Lenore Permaul remembers her surreal walk out of Manhattan on the BQE, the Brooklyn-Queens Expressway.
It was morning, Sept. 11, 2001, and America was under attack.
“I have no idea what time it was, nor where I was. Then a bus came by and stopped,” said Permaul, who worked in Manhattan 20 years ago but now lives in Schenectady. “The driver was crying, people flocked around. He opened the door and spoke calmly, still sobbing. He said all the buses are coming, that no one will be left on the road. Also, the trains will be running.
“The bus driver has a cheesecloth on his face and one hand covering the card slot,” Permaul also said. “In that bus, no one spoke. We were all crying.”
Scotia’s Michael Collins smelled the smoke from the burning World Trade Center.
“Crossing Manhattan, we got a whiff of the smoke coming from ground zero,” said Collins, who was in the air that day as a member of the New York State Police Aviation Unit. “It was an ungodly amalgam of steel, plastic, cement, rubber and elements I would guess could be found in the second circle of Hell.”
Thomas and Katherine Miller were aboard Singapore Airlines Flight 26, which earlier had left Frankfurt bound for New York City.
“After many hours of flying, the sun had risen even west of the Atlantic, and the seat back monitors showed the plane over the eastern tip of Long Island, when suddenly the plane made a sharp right-angle turn toward the north,” said Thomas Miller, who lives in Niskayuna. “After a few minutes, the pilot came on to say, “We’ve been directed to find an airport in Canada. U.S. airspace has been closed. Something about a terrorist attack.”
All three have kept their vivid memories of one of the worst days in American history — the day when four teams of armed men shattered the calm of a late-summer morning.
As part of our observance of the Sept. 11 anniversary, readers were asked to submit their personal recollections, reactions and reflections of that Tuesday back in time — and how the attacks affected them.
Their stories are below.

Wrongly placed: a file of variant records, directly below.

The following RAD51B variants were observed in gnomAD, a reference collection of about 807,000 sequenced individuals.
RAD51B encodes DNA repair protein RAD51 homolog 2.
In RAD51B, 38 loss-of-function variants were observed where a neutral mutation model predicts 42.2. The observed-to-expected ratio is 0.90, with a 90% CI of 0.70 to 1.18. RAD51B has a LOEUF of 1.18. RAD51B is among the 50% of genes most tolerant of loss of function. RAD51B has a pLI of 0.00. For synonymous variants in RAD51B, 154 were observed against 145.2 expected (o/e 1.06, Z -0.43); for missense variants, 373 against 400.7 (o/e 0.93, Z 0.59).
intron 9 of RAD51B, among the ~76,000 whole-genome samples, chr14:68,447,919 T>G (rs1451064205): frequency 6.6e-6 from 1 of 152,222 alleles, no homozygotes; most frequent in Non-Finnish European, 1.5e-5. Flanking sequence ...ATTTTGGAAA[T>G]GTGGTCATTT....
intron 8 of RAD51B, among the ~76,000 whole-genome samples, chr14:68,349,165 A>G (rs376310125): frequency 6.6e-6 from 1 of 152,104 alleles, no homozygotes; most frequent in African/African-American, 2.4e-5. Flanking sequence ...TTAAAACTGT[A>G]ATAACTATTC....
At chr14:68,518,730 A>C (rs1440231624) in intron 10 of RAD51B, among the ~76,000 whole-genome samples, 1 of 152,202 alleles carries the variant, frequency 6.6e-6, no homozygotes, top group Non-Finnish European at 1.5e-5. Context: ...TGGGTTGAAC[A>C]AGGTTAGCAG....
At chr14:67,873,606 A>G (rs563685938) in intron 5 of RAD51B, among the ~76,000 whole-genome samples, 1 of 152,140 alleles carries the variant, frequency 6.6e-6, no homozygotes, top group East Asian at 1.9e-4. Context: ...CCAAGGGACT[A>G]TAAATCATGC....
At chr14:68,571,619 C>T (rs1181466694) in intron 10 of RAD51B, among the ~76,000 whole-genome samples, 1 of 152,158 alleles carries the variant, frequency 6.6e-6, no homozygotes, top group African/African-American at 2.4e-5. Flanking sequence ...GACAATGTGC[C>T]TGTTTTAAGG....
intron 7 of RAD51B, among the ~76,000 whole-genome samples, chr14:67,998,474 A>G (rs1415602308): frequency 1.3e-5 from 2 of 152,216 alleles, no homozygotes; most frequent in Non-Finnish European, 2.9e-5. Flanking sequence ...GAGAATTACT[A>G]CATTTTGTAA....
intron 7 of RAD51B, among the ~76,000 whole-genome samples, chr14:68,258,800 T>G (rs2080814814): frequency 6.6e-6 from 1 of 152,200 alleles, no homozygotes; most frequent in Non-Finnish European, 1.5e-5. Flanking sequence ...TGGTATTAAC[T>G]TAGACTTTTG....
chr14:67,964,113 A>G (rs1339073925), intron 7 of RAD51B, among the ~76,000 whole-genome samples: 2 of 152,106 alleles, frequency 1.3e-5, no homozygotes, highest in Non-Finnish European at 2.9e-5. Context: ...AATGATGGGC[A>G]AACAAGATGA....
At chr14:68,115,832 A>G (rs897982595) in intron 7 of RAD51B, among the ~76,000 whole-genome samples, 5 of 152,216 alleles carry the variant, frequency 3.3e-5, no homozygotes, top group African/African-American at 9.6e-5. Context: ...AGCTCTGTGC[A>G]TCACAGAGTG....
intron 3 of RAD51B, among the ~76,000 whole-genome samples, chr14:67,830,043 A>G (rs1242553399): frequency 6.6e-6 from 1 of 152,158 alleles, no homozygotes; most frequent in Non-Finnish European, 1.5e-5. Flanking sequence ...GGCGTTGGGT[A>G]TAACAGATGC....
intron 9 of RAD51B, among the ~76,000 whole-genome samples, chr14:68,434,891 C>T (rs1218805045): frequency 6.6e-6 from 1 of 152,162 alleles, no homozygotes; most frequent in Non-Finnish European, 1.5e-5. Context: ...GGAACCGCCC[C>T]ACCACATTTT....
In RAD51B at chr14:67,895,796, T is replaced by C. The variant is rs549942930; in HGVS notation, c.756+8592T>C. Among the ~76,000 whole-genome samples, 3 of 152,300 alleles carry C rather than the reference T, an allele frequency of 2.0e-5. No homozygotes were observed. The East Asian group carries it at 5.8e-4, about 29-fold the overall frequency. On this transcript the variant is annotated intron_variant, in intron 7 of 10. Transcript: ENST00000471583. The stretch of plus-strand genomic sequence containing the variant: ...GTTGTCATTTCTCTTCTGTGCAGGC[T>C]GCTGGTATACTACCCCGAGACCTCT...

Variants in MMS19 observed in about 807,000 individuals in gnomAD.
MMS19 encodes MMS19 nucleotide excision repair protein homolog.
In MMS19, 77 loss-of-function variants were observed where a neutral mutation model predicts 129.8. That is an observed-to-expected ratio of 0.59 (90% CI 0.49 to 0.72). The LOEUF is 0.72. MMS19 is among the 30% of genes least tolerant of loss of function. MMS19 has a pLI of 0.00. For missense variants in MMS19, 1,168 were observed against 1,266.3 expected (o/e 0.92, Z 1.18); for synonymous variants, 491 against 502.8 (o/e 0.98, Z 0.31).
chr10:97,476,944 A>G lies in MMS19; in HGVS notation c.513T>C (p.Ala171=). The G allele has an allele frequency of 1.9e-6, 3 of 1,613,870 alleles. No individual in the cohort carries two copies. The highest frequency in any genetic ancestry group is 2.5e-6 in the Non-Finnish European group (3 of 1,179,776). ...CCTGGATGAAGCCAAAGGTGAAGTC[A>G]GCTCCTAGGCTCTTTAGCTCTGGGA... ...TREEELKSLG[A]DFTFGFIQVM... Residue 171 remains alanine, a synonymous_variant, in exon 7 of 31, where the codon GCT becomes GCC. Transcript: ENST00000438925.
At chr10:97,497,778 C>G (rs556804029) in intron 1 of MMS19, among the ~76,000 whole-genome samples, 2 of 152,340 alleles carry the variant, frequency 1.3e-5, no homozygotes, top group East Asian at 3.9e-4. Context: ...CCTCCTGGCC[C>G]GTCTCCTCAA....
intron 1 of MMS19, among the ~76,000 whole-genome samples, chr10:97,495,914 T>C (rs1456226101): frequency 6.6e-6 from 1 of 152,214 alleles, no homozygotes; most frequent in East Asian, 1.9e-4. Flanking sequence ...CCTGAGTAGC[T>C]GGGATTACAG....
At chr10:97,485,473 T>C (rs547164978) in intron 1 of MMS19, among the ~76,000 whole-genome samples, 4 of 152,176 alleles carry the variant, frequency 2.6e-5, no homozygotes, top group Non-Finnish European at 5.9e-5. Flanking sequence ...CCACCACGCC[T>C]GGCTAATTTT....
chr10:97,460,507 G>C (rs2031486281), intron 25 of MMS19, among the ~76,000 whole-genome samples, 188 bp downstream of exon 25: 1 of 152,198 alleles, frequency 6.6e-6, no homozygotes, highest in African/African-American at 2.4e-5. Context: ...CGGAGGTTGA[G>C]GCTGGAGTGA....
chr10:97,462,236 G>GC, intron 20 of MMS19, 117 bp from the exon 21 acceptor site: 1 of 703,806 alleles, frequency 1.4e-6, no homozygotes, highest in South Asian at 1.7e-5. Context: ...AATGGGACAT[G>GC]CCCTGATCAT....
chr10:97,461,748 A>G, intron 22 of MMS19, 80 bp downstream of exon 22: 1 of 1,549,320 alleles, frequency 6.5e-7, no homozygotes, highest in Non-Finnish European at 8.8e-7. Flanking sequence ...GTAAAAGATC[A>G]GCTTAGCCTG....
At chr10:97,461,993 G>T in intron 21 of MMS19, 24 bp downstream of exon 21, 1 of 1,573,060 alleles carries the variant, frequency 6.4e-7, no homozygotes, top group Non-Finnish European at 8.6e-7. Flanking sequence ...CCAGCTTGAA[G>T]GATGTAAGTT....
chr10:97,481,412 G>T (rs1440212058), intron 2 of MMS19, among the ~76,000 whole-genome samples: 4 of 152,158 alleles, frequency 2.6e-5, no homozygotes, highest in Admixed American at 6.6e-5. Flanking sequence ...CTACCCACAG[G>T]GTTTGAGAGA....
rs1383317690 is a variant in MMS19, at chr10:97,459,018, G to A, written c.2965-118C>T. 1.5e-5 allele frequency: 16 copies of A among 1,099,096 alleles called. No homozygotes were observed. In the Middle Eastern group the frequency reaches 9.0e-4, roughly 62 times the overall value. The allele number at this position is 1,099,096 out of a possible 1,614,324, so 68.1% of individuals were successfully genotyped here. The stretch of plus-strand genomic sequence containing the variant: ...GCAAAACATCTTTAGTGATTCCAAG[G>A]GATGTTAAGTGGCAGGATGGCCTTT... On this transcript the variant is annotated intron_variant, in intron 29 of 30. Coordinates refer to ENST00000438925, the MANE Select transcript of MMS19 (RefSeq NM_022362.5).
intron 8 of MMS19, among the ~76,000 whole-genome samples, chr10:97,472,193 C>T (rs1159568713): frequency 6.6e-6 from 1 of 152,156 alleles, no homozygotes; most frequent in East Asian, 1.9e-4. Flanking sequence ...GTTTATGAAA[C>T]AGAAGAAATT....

- Schenectady: Donald DeFilippo – Showing ‘respect and sorrow’
- Schenectady: Faith Gifford – ‘All those people’
- Schenectady: Diane Sanders Hombach – Frantic while awaiting word
- Schenectady: Lenore Permaul, Schenectady – Tears for the Towers
- Niskayuna: Angela Marczewski – Simply stunned
- Niskayuna: Thomas Miller – On the way home, a detour
- Niskayuna: Robin Van Luik – With great sadness
- Rotterdam: Charles M. Amoroso – The call of duty
- Rotterdam: Oliva Sheldon – Disbelief
- Scotia: Michael Collins – Mission in the air
- Scotia: Margaret ‘Midge’ Launsbach – Love will conquer hate
- Scotia: Christine Witkowski – ‘Blissfully unaware’ then reality
- Glenville: Christine Gryscavage – Recognized name
- Glenville: Richard Nebolini – Our brother firefighters
- Delanson: Camille Crandall – ‘A sick feeling’
- Burnt Hills: Ray Simboli – A matter of timing
- Ballston Spa: Patricia Bowers – Confused, devastated … numb
- Ballston Lake: Joe Bialobzeski – Canadian connection
- Clifton Park: Patrice O’Connor – Clear blue sky, thick black smoke
- Clifton Park: Cheryl Greskowiak – Decades later, horrific images still fresh
- Mechanicville: Dolores Van Detta – A prayer for all
- Middle Grove: Carol A. Armitage – Tragedy
- Amsterdam: Christine Andrzejewski – Concern for loved ones
- Amsterdam: Michael Bubniak – Fear and anxiety
- Amsterdam: Paul Hans – Sorrow … then joy
- Amsterdam: Robert Von Hasseln – Status: Ready
- Johnstown: Thomas J. Farnan – Chasing innocence
- Northville: Gerald Bubniak – Mesmerized
- Ephratah: Laura Bellinger – ‘Thought it was beginning of World War III’
- Colonie: Joseph Slomka – ‘We realized this was no accident’
- Latham: Roger M. Fucilli – Shining through